Earlier this month I noted that the Rancocas Valley Board of Education, in New Jersey, had made a dubious decision to ban (remove from library shelves) Revolutionary Voices, an anthology by and for queer and questioning youth. What will happen next remains to be seen, but there might be more to the story.
The New Jersey chapter of the American Civil Liberties Union reports on its own website that it has made an Open Public Records request for documents relating to the board's decision. That doesn't mean they ACLU will necessarily take action against the board, but it does indicate that they're considering what action to take.
Why seek these documents? Probably because they ACLU is looking for evidence as to the motivations behind the board's decision. Court precedents, especially the 1982 Board v. Pico decision, make it clear that school boards need to have a valid pedagogical reason for removing a book that is already on a school library shelf, and cannot remove books in an attempt to enforce any kind of political orthodoxy. Were the ACLU to sue the school board over this act of censorship, the court would probably examine transcripts of board discussions, emails, memos, and the like, looking for information about what motivated the ban. The court would probably ask whether or not the district had an established procedure for handling challenges to library books, and whether or not that procedure was followed. The court would want to know if the board followed or overrode the recommendations of a review committee, if there was one. The court would try to determine whether the board members actually knew the contents of the book, what details of the contents made the book educationally unfit, and how that analysis was arrived at. Of course, any comments indicating that the board made an uninformed decision, or made their decision in order to implement political or religious objectives, could weigh heavily against the ban.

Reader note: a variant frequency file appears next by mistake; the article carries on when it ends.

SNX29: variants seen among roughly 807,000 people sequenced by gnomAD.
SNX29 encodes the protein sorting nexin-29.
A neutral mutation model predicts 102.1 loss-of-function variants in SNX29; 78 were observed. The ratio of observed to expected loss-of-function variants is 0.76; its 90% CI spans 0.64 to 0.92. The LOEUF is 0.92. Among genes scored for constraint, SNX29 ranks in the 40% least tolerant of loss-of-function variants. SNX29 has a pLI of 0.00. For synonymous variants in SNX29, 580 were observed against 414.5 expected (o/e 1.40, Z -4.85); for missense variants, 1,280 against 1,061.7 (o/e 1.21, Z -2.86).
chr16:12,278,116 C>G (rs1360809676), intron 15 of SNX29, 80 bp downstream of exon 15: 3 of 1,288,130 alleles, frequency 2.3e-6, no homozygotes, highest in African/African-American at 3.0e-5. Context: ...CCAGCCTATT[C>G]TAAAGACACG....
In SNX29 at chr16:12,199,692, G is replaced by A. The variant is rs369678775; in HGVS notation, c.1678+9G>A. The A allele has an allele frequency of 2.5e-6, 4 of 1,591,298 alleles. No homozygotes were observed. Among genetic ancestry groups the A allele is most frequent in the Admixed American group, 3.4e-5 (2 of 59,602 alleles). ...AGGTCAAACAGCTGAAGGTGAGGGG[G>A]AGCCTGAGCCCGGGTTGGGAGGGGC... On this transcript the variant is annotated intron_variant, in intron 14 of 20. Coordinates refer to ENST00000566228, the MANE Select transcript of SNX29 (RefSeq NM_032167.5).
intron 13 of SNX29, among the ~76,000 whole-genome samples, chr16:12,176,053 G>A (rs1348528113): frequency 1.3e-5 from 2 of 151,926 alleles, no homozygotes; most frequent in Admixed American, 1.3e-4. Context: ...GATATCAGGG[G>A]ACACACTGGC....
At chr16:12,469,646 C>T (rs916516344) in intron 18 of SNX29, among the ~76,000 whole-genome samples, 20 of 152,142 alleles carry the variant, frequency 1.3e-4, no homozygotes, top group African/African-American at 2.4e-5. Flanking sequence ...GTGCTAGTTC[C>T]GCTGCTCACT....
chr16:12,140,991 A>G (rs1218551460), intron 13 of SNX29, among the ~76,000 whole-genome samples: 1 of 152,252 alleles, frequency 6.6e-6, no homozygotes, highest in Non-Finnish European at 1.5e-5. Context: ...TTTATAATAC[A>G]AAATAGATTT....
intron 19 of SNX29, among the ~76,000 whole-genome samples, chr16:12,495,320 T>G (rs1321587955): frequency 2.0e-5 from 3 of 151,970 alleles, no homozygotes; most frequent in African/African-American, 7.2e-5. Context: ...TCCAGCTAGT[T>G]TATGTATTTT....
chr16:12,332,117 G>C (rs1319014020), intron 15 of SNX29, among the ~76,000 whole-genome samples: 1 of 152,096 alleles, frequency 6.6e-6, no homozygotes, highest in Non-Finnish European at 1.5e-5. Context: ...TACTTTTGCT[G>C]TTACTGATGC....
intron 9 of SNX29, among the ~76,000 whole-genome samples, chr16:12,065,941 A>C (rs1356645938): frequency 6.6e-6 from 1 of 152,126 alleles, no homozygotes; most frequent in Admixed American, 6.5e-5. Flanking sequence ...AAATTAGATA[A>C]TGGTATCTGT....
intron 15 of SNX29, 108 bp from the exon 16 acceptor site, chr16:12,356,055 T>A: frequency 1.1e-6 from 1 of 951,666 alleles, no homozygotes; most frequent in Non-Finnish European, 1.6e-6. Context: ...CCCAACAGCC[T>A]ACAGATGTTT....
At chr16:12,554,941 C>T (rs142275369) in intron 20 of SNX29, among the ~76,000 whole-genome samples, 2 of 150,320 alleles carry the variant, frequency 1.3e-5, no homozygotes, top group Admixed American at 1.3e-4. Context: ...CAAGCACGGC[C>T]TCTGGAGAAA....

In deciding what action, if any, to take, the ACLU would be likely to evaluate those same kinds of documents in order to estimate the strength of a possible lawsuit. It would be interesting to see what documents the school board produces in response to the Open Public Records request, and what they contain. I can only speculate, but with a copy of the banned book right here in my hand, I'd say the school board made a major legal blunder. If they're smart, they'll reverse their decision before they have to divert large chunks of tax dollars to pay legal fees.